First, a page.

Shaggy Man (Oz)
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The Shaggy Man is an old man who chose the life of a tramp because he was interested in only love. Little is known of his origins, although he has provided a general description of his family life, which seems to be the way he prefers to keep it. He has never revealed his real name.
With him, he kept the Love Magnet for protection from those who might otherwise not love him. King Kik-A-Bray of Dunkiton liked him so much that he "honored" the Shaggy Man with the head of a Donkey. When he bathed in the Truth Pond to restore his true form, he was also forced to admit that he stole the Love Magnet from a girl who was unhappy because she had too many suitors.
When he reached the Emerald City, Oxma had the love magnet nailed above the gate of the Emerald City to send love upon anyone who entered. In his eponymous adventure, the Magnet split in two where it was nailed and it needed to be taken to its inventor, Conjo the Conjurer, to be restored.
The Shaggy Man is able to operate a wireless telegraph, which allowed him to communicate the news of what happened in Oz with L. Frank Baum, who wrote down the stories for people in the Great Outside World to read about. The Shaggy Man has demonstrated some knowledge of Latin.
He rescued Ojo and his friends from man-eating plants with a trusty pocket knife, then helped dethrone King Ruggedo of the Nomes when he learned that his brother was trapped in the king's dominions and put under a spell to make him ugly.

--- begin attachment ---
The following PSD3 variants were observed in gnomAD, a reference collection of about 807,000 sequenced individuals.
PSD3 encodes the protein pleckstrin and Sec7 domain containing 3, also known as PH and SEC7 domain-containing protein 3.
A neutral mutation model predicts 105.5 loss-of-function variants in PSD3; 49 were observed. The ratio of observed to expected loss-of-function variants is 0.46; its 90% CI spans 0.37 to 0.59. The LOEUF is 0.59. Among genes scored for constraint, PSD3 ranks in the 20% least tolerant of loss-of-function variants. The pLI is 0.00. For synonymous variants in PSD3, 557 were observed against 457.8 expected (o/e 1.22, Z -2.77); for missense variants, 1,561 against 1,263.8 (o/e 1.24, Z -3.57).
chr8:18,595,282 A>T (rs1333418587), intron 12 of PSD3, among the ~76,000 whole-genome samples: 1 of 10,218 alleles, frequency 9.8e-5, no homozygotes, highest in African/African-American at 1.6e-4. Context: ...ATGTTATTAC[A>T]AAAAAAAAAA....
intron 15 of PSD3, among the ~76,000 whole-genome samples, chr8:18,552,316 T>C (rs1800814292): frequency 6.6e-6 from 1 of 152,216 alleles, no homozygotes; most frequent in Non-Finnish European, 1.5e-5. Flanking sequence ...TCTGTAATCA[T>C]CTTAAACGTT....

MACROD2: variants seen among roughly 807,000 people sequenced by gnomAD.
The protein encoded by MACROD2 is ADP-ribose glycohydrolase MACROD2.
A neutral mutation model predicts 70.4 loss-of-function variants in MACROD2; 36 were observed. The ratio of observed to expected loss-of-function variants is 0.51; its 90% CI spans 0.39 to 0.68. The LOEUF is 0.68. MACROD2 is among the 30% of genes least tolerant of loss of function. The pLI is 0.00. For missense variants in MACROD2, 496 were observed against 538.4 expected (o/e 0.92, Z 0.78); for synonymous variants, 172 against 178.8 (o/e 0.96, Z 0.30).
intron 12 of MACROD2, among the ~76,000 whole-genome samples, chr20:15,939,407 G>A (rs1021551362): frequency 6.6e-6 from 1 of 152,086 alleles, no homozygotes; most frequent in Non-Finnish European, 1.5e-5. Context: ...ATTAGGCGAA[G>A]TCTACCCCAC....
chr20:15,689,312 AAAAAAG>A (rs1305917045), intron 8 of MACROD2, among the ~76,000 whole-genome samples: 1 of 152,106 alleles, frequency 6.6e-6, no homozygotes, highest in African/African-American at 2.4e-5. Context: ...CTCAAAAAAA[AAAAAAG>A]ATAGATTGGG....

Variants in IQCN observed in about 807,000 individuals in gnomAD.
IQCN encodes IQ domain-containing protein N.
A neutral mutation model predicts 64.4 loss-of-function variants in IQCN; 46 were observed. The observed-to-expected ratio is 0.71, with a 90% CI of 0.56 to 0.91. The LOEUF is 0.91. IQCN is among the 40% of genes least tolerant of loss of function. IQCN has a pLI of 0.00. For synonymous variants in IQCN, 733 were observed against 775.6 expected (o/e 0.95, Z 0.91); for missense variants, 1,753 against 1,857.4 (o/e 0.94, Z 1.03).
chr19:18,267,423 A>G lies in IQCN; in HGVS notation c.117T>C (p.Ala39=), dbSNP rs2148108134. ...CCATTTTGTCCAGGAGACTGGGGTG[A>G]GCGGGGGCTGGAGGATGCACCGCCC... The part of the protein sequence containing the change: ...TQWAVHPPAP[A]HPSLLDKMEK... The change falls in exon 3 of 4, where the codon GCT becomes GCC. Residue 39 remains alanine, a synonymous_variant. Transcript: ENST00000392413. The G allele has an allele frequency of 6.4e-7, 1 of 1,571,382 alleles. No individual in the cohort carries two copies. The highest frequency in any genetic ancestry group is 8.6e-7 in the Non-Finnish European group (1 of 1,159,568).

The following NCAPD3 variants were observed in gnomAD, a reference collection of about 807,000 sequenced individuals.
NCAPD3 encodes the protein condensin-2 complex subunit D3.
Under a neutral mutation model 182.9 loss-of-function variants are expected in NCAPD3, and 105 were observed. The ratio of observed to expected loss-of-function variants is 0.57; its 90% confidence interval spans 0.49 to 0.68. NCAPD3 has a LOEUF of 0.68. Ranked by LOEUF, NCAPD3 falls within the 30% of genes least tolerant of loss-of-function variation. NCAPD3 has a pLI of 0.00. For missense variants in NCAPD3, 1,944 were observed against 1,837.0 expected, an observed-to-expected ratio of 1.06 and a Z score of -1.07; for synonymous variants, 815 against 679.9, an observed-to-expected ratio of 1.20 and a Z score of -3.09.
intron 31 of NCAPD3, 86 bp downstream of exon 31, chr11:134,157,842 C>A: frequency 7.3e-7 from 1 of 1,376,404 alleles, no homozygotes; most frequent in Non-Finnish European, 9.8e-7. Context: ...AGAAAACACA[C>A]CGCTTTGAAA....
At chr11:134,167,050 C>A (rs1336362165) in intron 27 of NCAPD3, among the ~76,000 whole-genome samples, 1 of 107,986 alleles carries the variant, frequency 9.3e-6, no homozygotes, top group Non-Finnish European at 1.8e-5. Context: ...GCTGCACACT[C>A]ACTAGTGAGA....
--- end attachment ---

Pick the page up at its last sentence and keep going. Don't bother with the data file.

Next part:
The Shaggy Man's clothes in the Emerald City are full of ruffles to remind him of the rags he feels comfortable wearing. He remained in Oz without any hesitation upon arriving, because he wanted nothing more to live in a society that does not use money.
The Road to Oz (1909)
The Emerald City of Oz (1910)
The Patchwork Girl of Oz (1913)
Tik-Tok of Oz (1914)
The Scarecrow of Oz (1915)
Rinkitink in Oz (1916)
The Lost Princess in Oz (1917)
The Magic of Oz (1919)
Glinda of Oz (1920)
Kabumpo in Oz (1922)
Lucky Bucky in Oz (1942)
The Magical Mimics in Oz (1946)
The Shaggy Man of Oz (1948)
For L. Frank Baum, the Shaggy Man was an important character from the moment of his introduction, but he was barely used by Thompson or Neill, and not at all by Cosgrove or the McGraws.
First Appearance: None listed.
View a chronological listing of this character's appearances
#19 The Ice King of Oz (1987)
- 'From Bad to Worse!'
The Oz/Wonderland Chronicles (2005)
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